A very public call this week by Miles Hewstone, a disgruntled Oxford don, to drop the Oxbridge interview process for prospective candidates brought the issues of elitism, quotas and state education back into sharp focus.
There’s no denying that years ago a university education was available only to the privileged elite. In fact elitism has long existed between the various higher-education institutes themselves. Once upon a time some of the most prestigious present-day institutions, such as UCL, were the new kids on the block, derided by the Oxbridge elite. There followed a whole raft of red-brick red-necks, once the bottom of the heap and now forming the bulk of the prestigious Russell Group, not to mention the 1994 group, the former polys which got ideas above their station and thought they could compete with the big boys – and in many cases went on to prove that they can. What this goes to show is that things change, and institutions as well as candidates need to move with the times.
Despite rising tuition fees, university education has never been more accessible, but a place at Oxford or Cambridge remains the Holy Grail for able students keen to fulfil their potential and get their careers off to the best possible start. So how do they go about selecting the most able candidates? With A’ levels increasingly coming under fire for being dumbed down, more focus than ever is placed on personal statements, selection exams and interviews. But with this comes the age-old problem of inequality – many people feel that privately educated students are advantaged by being primed to the nth degree for their Oxbridge interviews, while hearsay has it that the “I knew your father, you’re in” culture still pervades. If this is the case, state-educated students are at a disadvantage – hence the widespread calls for quotas to ensure more of the highest achieving state-school pupils gain their rightful place.
Except that quotas offer no solution at all.
Quotas are a sure-fire way to undermine the system and ensure the ‘disadvantaged poor’ continue to be perceived as not being on an equal footing with their privileged counterparts. It may be true that in some colleges having the right background still opens doors that remain resolutely shut to others. But that doesn’t mean there aren’t other doors. And you can bet your life that most students who are academically worthy of a place at one of the most highly regarded seats of learning wouldn’t want to give anyone the chance of saying they got in because of a quota.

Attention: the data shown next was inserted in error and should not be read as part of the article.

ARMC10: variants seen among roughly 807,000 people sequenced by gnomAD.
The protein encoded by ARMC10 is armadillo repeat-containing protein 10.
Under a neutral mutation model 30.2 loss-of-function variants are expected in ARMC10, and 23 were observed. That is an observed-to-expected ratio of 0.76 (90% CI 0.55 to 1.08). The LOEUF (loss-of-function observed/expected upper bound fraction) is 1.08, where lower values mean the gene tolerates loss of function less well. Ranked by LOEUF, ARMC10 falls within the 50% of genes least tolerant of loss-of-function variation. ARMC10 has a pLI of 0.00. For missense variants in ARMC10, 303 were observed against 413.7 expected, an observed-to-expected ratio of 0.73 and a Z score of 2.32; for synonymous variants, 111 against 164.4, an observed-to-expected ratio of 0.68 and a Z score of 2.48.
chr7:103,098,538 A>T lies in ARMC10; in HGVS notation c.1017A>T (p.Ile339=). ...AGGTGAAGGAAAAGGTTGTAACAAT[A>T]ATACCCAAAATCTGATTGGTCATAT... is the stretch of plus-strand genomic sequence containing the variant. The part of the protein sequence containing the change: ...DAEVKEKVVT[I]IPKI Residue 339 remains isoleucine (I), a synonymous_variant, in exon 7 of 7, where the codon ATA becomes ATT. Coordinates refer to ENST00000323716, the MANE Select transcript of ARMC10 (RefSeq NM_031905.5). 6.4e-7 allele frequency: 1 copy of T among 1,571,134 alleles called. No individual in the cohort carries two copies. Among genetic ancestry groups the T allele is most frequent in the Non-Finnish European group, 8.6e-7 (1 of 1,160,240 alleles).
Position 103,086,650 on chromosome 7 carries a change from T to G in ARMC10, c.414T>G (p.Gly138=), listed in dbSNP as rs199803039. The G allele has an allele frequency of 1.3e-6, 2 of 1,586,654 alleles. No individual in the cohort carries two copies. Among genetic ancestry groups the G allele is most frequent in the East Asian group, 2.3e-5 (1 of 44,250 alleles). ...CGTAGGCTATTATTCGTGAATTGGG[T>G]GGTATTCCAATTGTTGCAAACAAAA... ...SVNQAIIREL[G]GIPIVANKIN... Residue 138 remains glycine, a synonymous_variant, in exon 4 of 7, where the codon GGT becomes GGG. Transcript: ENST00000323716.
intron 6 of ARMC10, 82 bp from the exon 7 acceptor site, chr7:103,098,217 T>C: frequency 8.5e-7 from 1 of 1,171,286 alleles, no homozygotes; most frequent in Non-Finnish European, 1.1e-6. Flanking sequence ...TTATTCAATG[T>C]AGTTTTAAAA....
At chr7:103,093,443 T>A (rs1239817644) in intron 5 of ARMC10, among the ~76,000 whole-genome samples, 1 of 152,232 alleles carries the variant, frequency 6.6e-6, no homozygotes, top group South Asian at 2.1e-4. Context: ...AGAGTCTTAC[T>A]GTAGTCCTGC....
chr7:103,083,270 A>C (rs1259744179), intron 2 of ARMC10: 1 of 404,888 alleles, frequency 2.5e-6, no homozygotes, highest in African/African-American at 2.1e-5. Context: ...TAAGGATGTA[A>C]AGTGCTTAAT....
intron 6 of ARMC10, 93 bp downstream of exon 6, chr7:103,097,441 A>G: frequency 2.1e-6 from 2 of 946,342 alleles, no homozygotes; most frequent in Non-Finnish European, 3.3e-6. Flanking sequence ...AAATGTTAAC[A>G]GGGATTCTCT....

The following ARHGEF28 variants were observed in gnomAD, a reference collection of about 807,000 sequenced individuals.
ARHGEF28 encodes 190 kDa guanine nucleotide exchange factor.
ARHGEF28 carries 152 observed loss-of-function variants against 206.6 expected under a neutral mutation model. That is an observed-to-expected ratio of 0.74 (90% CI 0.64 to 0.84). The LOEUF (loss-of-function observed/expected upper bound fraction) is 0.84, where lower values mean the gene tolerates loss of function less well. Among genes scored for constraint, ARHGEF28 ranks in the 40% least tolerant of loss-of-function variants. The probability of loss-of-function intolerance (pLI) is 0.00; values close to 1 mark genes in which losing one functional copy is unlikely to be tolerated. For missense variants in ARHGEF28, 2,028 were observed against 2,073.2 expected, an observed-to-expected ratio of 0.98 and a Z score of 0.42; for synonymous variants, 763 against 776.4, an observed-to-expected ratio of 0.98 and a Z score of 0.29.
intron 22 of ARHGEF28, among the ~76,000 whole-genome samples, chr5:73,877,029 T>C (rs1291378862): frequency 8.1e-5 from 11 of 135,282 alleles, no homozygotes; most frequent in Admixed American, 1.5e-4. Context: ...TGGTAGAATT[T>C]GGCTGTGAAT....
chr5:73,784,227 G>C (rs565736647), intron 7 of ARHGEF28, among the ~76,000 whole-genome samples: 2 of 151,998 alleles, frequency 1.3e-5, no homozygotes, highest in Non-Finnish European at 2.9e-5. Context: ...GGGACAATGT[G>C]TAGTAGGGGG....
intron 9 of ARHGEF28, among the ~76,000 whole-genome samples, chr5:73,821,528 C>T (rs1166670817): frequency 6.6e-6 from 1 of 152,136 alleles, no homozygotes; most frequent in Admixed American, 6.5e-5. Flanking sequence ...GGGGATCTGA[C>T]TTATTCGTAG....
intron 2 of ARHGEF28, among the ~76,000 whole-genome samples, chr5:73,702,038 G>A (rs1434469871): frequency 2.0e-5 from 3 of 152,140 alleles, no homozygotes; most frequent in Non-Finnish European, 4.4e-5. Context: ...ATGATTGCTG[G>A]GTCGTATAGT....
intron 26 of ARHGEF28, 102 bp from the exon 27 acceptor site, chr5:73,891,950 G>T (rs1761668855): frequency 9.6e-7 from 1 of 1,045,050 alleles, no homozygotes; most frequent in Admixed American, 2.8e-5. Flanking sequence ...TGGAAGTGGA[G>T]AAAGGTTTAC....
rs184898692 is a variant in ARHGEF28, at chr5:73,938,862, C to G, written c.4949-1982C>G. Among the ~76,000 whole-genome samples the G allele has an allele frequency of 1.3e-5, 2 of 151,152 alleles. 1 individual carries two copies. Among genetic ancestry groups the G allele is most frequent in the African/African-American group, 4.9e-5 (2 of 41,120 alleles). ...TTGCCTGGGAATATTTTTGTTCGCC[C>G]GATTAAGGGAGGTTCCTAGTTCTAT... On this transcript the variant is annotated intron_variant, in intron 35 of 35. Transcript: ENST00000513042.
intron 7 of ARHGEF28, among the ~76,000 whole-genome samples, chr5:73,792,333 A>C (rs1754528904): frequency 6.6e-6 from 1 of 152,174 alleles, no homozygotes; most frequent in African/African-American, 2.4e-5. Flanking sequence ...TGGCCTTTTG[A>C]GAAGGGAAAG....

The truth is that most people, Oxbridge dons included, believe the best brains should go to the best universities irrespective of background. It’s possible this doesn’t always happen – but if this is the case it’s due far more to the devastating failure of the British school system than to overt snobbery and nepotism amongst university tutors. No tutor is looking for the finished product in a selection interview – they’re looking for academic potential and a natural flair for the subject the student is applying to read. If these are missing, no amount of preparation will mask it. If they’re there, they will shine through.
I have no personal axe to grind here – my university days are past and my children’s are yet to come. I have no idea if they will have the capabilities to aim for top flight universities, or even to consider higher education at all. They are coming through the state system and maybe our future experience will cause me to eat my words. But right now all I can do is hope they will have the confidence to follow whatever path they choose, and teach them that it is hard work, not spurious quotas that will always win through in the end.
To say you can or can’t succeed from one walk of life or another is rubbish. Plenty of millionaires have come from humble beginnings by way of academia or otherwise, just as there are plenty of privately educated people throwing their advantage in their parents’ face and spending their life smoking dubious substances in run-down flat shares, courtesy of you, me and the rest of the country’s tax payers.
Social elitism has no place in the university selection process. Academic elitism on the other hand has everything to do with it and should be embraced, not punished. Lose the quotas, because if not it is talent and credibility that will be lost instead.